Japanese-American Veterans Receive Top Honor for Service in Time of Struggle

Japan

Last week, on November 2nd, a special group of World War II veterans gathered at the United States Capitol to receive the Congressional Gold Medal, the highest civilian honor the legislative body can bestow. The men and women of the 100th Infantry Battalion, the 442nd Regimental Combat Team and the Military Intelligence Service, were honored in gratitude for their extraordinary bravery and service to their country in its hour of need. While the 442nd RCT (to which the 100th Infantry was attached) has the distinction of being the most decorated unit in the Army’s history, it is remembered for being mostly comprised of Japanese-Americans at a time when the war with Japan caused the government to label nikkeijin[i]such as themselves as “enemy aliens.”

Following Japan’s attack on Pearl Harbor, Hawaii, in 1942, American citizens of Japanese descent were viewed with fear and distrust due to their shared ancestry with an enemy nation. Among other actions of prejudice for the sake of national security, nikkeijin were discharged from military and barred from the draft. Despite this, there were a number of Japanese Americans with a desire to serve.

Some felt they had something to prove, others felt the same patriotism that drove a generation of young Americans to the recruitment centers. As 442nd Veteran Hiroshi Kaku told the Associated Press, “We wanted to show American citizens that we loved our country. We were born and raised here.” While early requests by members of the majority nisei Hawaii National Guard to fight in Europe or Africa were initially declined, it was the hard work and dedication of the young discharged Japanese-American ROTC members at University of Hawaii who asked to serve as civilian volunteers that changed the officials' minds.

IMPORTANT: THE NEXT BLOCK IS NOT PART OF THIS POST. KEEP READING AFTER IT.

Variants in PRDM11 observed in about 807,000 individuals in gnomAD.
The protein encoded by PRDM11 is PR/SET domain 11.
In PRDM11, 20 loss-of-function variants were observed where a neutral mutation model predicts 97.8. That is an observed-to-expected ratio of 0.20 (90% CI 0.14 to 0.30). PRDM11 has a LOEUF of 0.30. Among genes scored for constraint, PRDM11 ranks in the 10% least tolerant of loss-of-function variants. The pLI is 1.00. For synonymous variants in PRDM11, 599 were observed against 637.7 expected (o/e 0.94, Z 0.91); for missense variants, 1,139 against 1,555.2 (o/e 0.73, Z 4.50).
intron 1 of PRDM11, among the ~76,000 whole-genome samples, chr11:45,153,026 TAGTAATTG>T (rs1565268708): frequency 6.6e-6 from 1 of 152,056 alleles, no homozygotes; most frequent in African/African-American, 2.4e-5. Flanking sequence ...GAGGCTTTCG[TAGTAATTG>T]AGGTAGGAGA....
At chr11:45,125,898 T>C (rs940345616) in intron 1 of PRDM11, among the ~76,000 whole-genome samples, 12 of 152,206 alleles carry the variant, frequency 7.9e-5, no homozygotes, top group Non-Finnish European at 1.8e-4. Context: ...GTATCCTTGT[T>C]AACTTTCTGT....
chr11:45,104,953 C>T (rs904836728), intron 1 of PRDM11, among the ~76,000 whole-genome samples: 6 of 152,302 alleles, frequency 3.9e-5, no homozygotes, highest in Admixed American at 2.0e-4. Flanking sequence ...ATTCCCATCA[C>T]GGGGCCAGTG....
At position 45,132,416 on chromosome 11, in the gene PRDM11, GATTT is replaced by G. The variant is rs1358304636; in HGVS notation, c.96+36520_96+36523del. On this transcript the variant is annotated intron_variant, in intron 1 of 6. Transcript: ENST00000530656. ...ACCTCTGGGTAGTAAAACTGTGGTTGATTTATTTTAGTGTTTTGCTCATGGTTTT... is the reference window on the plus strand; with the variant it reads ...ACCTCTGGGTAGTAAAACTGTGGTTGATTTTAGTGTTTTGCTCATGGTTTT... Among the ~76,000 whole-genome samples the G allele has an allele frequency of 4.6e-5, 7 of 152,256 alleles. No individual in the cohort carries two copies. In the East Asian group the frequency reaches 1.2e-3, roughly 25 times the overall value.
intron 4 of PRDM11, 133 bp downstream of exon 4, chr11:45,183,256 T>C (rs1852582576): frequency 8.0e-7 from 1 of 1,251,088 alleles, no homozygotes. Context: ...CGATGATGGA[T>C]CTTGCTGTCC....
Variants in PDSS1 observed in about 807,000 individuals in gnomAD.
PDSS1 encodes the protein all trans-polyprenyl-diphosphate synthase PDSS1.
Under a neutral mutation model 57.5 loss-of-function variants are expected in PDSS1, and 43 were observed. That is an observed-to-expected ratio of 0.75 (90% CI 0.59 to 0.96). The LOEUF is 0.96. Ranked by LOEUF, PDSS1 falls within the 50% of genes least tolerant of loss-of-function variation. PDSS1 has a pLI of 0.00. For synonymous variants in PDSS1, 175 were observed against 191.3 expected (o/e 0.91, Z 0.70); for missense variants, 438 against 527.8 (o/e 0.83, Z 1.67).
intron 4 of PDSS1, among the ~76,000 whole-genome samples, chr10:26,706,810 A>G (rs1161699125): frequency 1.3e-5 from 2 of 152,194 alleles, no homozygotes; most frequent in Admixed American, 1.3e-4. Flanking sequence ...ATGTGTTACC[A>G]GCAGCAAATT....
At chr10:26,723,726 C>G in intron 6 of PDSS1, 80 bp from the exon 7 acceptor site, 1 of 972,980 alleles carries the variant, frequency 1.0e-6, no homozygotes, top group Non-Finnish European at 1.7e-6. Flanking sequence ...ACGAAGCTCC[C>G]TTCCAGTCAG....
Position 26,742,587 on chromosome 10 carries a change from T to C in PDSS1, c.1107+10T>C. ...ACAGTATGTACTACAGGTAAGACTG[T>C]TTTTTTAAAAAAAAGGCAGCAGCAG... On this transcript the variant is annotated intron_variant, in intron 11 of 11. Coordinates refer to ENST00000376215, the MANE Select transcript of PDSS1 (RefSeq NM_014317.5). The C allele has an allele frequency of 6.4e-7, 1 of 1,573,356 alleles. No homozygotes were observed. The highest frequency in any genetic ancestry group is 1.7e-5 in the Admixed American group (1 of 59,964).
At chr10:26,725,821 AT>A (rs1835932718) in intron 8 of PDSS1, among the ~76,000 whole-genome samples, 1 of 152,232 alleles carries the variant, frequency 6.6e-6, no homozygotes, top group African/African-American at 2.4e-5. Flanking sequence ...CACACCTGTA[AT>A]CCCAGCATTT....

In 1942, the 298th and 299th Hawaii National Guard were reformed as the 100th Infantry Battalion and after proving themselves in training on the mainland, the next year joined recruits from the mainland (many volunteering while in internment camps) to form the 442nd Regimental Combat Team, the army’s all Japanese American combat unit (the US military still segregated units by race during WWII). “We didn’t sit by and do nothing about it” said Senate Pro Tempore and veteran of the 442nd, Daniel Inouye, in his remarks at the ceremony. “We petitioned the government for the opportunity to demonstrate our love for this country and our patriotism, which you granted to us.”

Members of the Varsity Victory Volunteers sign up for the 442nd regiment after the ban on Japanese-Americans in the military was lifted in 1943. Of the nisei who served in WWII despite discrimination at home, former President William Clinton said "Rarely has a nation been so well-served by a people it has so ill-treated." Image by: U.S. Army Signal Corps